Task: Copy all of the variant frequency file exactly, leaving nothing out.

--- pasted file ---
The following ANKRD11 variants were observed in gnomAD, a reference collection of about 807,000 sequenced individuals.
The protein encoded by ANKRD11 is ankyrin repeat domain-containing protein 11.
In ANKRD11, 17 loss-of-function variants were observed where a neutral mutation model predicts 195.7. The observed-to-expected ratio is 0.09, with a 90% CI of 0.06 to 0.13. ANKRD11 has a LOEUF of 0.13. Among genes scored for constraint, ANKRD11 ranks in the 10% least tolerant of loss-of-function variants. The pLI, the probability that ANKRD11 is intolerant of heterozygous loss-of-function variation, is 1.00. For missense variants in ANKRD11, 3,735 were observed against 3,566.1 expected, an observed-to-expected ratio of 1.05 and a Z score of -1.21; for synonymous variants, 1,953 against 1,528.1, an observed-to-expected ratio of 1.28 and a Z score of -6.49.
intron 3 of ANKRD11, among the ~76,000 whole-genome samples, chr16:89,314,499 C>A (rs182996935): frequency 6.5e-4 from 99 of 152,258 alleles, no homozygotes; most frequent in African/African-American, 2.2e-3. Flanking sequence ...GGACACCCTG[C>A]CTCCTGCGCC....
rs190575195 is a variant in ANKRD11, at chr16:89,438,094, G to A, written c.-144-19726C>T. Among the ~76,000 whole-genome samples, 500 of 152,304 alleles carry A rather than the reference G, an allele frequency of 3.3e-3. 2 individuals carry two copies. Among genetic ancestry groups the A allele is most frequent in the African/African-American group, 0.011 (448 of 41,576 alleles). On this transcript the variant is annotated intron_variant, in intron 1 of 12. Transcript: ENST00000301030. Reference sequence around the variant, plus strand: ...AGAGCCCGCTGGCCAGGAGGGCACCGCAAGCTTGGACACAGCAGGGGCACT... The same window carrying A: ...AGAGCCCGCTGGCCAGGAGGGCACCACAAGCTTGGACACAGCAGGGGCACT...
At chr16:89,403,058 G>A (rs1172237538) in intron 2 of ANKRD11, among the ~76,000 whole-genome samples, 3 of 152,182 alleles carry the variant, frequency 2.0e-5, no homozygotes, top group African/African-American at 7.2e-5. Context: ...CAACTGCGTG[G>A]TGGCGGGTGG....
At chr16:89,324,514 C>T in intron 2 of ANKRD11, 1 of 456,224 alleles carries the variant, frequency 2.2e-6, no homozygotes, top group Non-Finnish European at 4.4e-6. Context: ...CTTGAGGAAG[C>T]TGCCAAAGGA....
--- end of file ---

The following ANKRD11 variants were observed in gnomAD, a reference collection of about 807,000 sequenced individuals.
The protein encoded by ANKRD11 is ankyrin repeat domain-containing protein 11.
In ANKRD11, 17 loss-of-function variants were observed where a neutral mutation model predicts 195.7. The observed-to-expected ratio is 0.09, with a 90% CI of 0.06 to 0.13. ANKRD11 has a LOEUF of 0.13. Among genes scored for constraint, ANKRD11 ranks in the 10% least tolerant of loss-of-function variants. The pLI, the probability that ANKRD11 is intolerant of heterozygous loss-of-function variation, is 1.00. For missense variants in ANKRD11, 3,735 were observed against 3,566.1 expected, an observed-to-expected ratio of 1.05 and a Z score of -1.21; for synonymous variants, 1,953 against 1,528.1, an observed-to-expected ratio of 1.28 and a Z score of -6.49.
intron 3 of ANKRD11, among the ~76,000 whole-genome samples, chr16:89,314,499 C>A (rs182996935): frequency 6.5e-4 from 99 of 152,258 alleles, no homozygotes; most frequent in African/African-American, 2.2e-3. Flanking sequence ...GGACACCCTG[C>A]CTCCTGCGCC....
rs190575195 is a variant in ANKRD11, at chr16:89,438,094, G to A, written c.-144-19726C>T. Among the ~76,000 whole-genome samples, 500 of 152,304 alleles carry A rather than the reference G, an allele frequency of 3.3e-3. 2 individuals carry two copies. Among genetic ancestry groups the A allele is most frequent in the African/African-American group, 0.011 (448 of 41,576 alleles). On this transcript the variant is annotated intron_variant, in intron 1 of 12. Transcript: ENST00000301030. Reference sequence around the variant, plus strand: ...AGAGCCCGCTGGCCAGGAGGGCACCGCAAGCTTGGACACAGCAGGGGCACT... The same window carrying A: ...AGAGCCCGCTGGCCAGGAGGGCACCACAAGCTTGGACACAGCAGGGGCACT...
At chr16:89,403,058 G>A (rs1172237538) in intron 2 of ANKRD11, among the ~76,000 whole-genome samples, 3 of 152,182 alleles carry the variant, frequency 2.0e-5, no homozygotes, top group African/African-American at 7.2e-5. Context: ...CAACTGCGTG[G>A]TGGCGGGTGG....
At chr16:89,324,514 C>T in intron 2 of ANKRD11, 1 of 456,224 alleles carries the variant, frequency 2.2e-6, no homozygotes, top group Non-Finnish European at 4.4e-6. Context: ...CTTGAGGAAG[C>T]TGCCAAAGGA....